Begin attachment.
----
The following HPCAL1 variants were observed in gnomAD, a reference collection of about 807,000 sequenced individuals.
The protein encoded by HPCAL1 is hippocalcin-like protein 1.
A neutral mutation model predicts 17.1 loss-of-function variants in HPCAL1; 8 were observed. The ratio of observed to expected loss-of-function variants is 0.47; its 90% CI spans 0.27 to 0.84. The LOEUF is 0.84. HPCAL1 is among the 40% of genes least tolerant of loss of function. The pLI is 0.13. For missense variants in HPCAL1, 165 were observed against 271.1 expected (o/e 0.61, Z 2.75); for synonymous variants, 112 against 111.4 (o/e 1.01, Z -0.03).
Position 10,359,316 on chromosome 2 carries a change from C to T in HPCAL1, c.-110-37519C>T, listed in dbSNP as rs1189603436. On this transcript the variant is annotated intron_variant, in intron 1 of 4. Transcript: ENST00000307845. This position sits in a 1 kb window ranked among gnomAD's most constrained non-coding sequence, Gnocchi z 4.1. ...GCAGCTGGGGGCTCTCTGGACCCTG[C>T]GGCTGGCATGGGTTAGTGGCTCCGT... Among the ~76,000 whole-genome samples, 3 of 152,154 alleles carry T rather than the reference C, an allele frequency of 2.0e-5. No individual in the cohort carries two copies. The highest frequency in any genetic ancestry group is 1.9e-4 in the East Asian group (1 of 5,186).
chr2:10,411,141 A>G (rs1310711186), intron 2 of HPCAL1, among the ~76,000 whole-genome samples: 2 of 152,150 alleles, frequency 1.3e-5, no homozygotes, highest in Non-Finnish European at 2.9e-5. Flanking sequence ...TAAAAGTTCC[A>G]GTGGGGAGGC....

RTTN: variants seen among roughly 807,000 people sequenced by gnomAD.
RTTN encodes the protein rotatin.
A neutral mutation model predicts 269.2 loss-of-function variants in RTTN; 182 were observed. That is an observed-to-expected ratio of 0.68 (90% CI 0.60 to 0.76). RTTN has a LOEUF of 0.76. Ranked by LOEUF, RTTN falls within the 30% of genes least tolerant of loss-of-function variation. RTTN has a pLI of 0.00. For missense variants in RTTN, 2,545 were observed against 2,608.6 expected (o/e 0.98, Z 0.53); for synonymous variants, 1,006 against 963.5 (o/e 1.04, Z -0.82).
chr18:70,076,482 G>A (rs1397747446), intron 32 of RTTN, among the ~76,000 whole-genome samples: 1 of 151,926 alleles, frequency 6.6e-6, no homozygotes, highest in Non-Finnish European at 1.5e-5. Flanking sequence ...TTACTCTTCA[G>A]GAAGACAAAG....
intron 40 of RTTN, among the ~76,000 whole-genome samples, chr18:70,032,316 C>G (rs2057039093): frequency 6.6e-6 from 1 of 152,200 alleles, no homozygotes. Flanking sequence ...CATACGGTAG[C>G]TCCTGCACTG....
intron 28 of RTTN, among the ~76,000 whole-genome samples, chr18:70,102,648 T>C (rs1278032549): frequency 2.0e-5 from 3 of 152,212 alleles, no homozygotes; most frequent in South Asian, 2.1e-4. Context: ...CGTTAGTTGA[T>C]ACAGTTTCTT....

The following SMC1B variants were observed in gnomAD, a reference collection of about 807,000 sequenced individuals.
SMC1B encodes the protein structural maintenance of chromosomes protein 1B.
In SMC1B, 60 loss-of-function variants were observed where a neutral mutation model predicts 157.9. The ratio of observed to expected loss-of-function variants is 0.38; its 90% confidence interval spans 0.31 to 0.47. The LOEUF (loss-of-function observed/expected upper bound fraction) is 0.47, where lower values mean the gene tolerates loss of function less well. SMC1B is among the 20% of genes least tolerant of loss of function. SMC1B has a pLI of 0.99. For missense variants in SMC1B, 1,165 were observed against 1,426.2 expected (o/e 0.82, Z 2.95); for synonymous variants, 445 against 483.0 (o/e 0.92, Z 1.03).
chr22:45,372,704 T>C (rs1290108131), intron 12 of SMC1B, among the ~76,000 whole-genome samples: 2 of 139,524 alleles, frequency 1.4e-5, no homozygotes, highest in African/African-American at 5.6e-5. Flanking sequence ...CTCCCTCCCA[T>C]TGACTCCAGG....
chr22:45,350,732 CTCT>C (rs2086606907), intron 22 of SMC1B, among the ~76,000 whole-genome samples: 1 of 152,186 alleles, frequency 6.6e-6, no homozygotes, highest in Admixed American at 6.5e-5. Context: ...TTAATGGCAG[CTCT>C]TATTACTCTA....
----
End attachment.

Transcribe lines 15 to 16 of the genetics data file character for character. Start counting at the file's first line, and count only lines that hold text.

chr22:45,372,704 T>C (rs1290108131), intron 12 of SMC1B, among the ~76,000 whole-genome samples: 2 of 139,524 alleles, frequency 1.4e-5, no homozygotes, highest in African/African-American at 5.6e-5. Flanking sequence ...CTCCCTCCCA[T>C]TGACTCCAGG....
chr22:45,350,732 CTCT>C (rs2086606907), intron 22 of SMC1B, among the ~76,000 whole-genome samples: 1 of 152,186 alleles, frequency 6.6e-6, no homozygotes, highest in Admixed American at 6.5e-5. Context: ...TTAATGGCAG[CTCT>C]TATTACTCTA....